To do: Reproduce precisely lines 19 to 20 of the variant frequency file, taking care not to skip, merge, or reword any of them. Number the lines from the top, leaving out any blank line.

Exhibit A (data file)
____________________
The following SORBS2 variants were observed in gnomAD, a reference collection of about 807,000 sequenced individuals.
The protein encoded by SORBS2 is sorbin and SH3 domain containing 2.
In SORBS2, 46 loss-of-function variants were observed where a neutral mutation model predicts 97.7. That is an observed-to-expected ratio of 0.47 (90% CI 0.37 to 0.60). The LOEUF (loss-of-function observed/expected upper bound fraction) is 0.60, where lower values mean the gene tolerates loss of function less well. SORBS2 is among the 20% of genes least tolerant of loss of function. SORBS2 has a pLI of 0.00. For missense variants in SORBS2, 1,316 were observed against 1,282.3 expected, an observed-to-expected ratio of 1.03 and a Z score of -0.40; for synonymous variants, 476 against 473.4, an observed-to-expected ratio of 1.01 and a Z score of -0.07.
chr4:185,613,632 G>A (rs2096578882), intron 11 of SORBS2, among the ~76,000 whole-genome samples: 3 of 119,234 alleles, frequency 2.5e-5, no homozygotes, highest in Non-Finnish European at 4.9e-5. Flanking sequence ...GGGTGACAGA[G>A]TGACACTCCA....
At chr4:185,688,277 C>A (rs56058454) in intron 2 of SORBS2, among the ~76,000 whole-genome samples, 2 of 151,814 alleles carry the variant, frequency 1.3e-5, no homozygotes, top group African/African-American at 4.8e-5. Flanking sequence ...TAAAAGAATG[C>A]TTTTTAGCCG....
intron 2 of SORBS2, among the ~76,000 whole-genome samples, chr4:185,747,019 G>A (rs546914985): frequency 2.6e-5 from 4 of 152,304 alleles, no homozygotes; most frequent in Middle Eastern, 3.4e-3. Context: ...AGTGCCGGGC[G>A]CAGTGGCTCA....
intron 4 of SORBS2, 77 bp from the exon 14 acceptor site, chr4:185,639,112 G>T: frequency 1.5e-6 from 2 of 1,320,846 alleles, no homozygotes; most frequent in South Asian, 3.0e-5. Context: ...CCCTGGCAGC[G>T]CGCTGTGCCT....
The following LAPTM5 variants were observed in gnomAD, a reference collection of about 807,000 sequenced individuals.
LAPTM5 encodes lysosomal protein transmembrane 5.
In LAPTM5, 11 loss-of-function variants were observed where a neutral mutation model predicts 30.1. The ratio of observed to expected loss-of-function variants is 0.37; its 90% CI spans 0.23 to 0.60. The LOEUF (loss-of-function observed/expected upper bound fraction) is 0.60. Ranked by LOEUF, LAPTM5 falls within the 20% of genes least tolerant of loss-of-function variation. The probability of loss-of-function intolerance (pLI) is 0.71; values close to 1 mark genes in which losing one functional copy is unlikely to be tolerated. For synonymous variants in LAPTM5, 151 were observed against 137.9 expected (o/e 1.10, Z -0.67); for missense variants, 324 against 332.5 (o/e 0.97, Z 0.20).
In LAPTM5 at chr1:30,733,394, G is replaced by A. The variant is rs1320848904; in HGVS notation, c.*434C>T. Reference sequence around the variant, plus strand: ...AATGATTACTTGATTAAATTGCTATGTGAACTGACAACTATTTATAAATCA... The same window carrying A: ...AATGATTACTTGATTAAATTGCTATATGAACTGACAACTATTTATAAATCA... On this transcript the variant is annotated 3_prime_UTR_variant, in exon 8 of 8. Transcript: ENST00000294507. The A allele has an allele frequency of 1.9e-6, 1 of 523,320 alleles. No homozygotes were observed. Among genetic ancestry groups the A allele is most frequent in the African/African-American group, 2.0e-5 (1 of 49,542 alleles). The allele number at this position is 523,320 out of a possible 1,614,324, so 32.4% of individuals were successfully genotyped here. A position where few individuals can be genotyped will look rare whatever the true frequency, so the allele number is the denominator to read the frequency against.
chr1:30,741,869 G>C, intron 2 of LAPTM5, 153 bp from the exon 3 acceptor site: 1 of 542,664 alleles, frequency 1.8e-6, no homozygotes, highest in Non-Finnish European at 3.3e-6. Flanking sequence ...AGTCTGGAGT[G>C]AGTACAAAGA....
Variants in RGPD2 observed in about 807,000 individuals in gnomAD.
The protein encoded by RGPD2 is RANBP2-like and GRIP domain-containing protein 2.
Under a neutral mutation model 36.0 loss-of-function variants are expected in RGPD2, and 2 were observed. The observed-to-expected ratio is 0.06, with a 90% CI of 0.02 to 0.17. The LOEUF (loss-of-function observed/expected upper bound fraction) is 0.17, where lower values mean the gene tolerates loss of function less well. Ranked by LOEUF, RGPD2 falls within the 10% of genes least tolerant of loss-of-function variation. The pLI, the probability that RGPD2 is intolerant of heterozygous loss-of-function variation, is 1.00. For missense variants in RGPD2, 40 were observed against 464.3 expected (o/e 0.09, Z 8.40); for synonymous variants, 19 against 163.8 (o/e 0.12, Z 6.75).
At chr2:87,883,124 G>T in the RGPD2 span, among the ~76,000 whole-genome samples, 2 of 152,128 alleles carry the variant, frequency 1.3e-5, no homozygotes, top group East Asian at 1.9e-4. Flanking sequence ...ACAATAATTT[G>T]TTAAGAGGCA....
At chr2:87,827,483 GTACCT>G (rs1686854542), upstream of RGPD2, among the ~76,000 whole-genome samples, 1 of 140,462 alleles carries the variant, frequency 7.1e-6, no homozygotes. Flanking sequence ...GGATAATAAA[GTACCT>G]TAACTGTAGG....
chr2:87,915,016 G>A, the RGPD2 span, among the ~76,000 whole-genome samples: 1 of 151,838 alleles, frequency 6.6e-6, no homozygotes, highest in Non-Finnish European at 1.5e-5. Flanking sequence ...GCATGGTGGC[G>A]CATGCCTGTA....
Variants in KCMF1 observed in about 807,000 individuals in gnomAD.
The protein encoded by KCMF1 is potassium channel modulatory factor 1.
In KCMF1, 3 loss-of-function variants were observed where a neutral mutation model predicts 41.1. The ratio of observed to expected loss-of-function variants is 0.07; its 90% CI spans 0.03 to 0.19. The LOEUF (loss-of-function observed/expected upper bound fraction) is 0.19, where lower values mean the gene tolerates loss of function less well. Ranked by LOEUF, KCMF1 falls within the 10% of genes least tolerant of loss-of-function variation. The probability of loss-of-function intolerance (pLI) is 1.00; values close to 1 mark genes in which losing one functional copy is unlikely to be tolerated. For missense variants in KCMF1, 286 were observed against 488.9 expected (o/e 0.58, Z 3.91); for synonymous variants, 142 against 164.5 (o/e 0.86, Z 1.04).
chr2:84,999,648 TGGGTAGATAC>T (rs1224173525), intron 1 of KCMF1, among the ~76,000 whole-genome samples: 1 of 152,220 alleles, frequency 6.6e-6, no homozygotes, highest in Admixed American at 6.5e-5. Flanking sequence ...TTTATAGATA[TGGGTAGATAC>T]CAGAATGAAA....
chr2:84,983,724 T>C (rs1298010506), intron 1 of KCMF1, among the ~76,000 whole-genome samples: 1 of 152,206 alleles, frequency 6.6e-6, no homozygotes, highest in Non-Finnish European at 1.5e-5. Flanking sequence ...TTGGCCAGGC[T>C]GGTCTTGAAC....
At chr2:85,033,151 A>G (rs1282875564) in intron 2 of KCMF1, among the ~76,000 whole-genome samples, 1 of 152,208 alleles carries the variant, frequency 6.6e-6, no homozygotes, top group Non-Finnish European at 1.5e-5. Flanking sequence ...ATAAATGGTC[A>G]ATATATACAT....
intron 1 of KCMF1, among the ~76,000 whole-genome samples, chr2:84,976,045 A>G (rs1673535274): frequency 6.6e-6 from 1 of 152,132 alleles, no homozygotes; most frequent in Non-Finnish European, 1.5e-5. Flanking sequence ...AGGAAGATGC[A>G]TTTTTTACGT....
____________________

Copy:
Variants in KCMF1 observed in about 807,000 individuals in gnomAD.
The protein encoded by KCMF1 is potassium channel modulatory factor 1.